Photo courtesy of campaign
Last month, Duquesne University professor and director of Duquesne’s Center for Environmental Research and Education John Stolz
officially launched his campaign
for Pennsylvania’s 12th U.S. House district; he is the fourth official candidate
to challenge incumbent Keith Rothfus (R-Sewickley). The other candidates, all Democrats, are Aaron Anthony (from Shaler), Tom Prigg (McCandless) and Elizabeth Tarasi (Sewickley).
Stolz, a Democrat from Shaler, is an expert on the effects of natural-gas drilling, or fracking
, in Southwestern Pennsylvania. He says he believes his environmental background is key to representing the district, and believes a focus on green energy can lead to what the 12th District needs most: jobs. (While the 12th-district unemployment rate is on par with the state average of 5.4 percent, in many towns the figure is higher, including Ambridge
, at 6.4 percent, and Johnstown
, at about 8 percent.)
Stolz points to the solar industry, which is experiencing rapid growth. He says that not only should Southwestern Pennsylvania be taking advantage of this growth, but that there are opportunities related to solar where the region can lead. Stolz says solar power produces direct-current electricity
, but that direct-current appliances are hard to come by. He wants to court direct-current-appliance manufacturers to move to areas in the district that have been hardest by the loss of their old manufacturing industries, like Johnstown and sections of Beaver County.
Stolz worries that increasing fracking will provide wealth to only a few, and leave a environmental mess for most of residents of the 12th district, which includes parts of six Southwestern Pennsylvania counties, stretching from Ellwood City to Somerset. “At the end of the day, we are heading in the wrong direction,” says Stolz.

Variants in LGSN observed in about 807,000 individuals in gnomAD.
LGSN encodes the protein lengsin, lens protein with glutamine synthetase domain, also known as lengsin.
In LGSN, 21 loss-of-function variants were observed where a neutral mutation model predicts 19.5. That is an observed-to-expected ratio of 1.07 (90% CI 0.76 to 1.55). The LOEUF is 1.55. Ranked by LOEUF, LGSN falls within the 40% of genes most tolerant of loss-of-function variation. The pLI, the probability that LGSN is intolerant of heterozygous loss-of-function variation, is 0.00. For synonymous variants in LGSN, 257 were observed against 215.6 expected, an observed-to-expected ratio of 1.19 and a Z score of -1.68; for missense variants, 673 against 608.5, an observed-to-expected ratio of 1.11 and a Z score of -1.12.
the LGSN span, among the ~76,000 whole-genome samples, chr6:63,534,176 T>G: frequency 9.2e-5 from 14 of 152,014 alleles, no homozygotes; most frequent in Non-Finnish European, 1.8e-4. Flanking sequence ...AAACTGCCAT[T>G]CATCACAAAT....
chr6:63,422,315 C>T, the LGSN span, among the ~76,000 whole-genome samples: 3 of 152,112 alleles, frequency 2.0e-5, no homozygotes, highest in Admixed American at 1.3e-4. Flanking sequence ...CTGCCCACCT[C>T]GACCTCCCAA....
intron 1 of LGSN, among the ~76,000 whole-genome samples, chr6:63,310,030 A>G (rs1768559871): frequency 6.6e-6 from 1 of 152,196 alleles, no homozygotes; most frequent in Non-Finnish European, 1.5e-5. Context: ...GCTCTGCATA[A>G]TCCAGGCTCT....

And Stolz recognizes that jobs in a new industry require education. He says college students should be guaranteed loans at low-interest rates, and that the government should provide free re-training to workers who lose jobs in manufacturing and mining.
In terms of health care, one of the most contentious topics in Congress, Stolz says Congress should “work towards single-payer, but first we should repair the Affordable Care Act.”
These ideas may seem overly progressive for the 12th District, considering that the conservative Rothfus has won re-election by about 20 points
in his past two contests. But Stolz believes that progressivism is alive in the 12th. He notes that the Cambria County section of the 12th district voted for Bernie Sanders over Hillary Clinton in the 2016 primary election.
Stolz says he has met people throughout the district who are upbeat and positive and are looking to improve their towns
, but aren’t necessarily buying President Donald Trump’s pro-coal
message. He’s met constituents in Johnstown who are ready to work to clean up the Conemaugh and Stony Creek rivers, and says a representative should be trying to get money to help with those efforts.
“The resources are there and the people are willing,” says Stolz. “There is potential of completely changing the landscape of Western Pennsylvania for the better.”